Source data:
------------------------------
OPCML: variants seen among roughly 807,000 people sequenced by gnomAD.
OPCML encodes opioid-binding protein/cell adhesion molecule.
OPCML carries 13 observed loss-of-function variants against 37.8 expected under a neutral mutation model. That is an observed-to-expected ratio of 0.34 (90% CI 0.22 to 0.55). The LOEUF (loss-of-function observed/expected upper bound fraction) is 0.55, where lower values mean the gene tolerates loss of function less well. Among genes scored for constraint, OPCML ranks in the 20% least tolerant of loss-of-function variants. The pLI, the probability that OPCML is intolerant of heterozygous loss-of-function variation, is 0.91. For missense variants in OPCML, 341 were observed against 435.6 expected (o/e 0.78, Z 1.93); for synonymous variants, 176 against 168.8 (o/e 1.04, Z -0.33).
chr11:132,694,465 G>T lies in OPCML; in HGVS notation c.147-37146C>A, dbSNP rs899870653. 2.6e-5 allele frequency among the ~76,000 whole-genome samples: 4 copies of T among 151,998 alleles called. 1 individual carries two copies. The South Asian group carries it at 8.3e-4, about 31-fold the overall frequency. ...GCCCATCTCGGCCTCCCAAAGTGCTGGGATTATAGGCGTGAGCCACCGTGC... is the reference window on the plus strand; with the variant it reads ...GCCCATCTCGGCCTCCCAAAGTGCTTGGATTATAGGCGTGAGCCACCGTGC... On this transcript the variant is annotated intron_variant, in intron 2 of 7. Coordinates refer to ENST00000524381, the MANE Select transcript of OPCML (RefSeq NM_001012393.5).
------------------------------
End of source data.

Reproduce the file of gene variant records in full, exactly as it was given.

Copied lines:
OPCML: variants seen among roughly 807,000 people sequenced by gnomAD.
OPCML encodes opioid-binding protein/cell adhesion molecule.
OPCML carries 13 observed loss-of-function variants against 37.8 expected under a neutral mutation model. That is an observed-to-expected ratio of 0.34 (90% CI 0.22 to 0.55). The LOEUF (loss-of-function observed/expected upper bound fraction) is 0.55, where lower values mean the gene tolerates loss of function less well. Among genes scored for constraint, OPCML ranks in the 20% least tolerant of loss-of-function variants. The pLI, the probability that OPCML is intolerant of heterozygous loss-of-function variation, is 0.91. For missense variants in OPCML, 341 were observed against 435.6 expected (o/e 0.78, Z 1.93); for synonymous variants, 176 against 168.8 (o/e 1.04, Z -0.33).
chr11:132,694,465 G>T lies in OPCML; in HGVS notation c.147-37146C>A, dbSNP rs899870653. 2.6e-5 allele frequency among the ~76,000 whole-genome samples: 4 copies of T among 151,998 alleles called. 1 individual carries two copies. The South Asian group carries it at 8.3e-4, about 31-fold the overall frequency. ...GCCCATCTCGGCCTCCCAAAGTGCTGGGATTATAGGCGTGAGCCACCGTGC... is the reference window on the plus strand; with the variant it reads ...GCCCATCTCGGCCTCCCAAAGTGCTTGGATTATAGGCGTGAGCCACCGTGC... On this transcript the variant is annotated intron_variant, in intron 2 of 7. Coordinates refer to ENST00000524381, the MANE Select transcript of OPCML (RefSeq NM_001012393.5).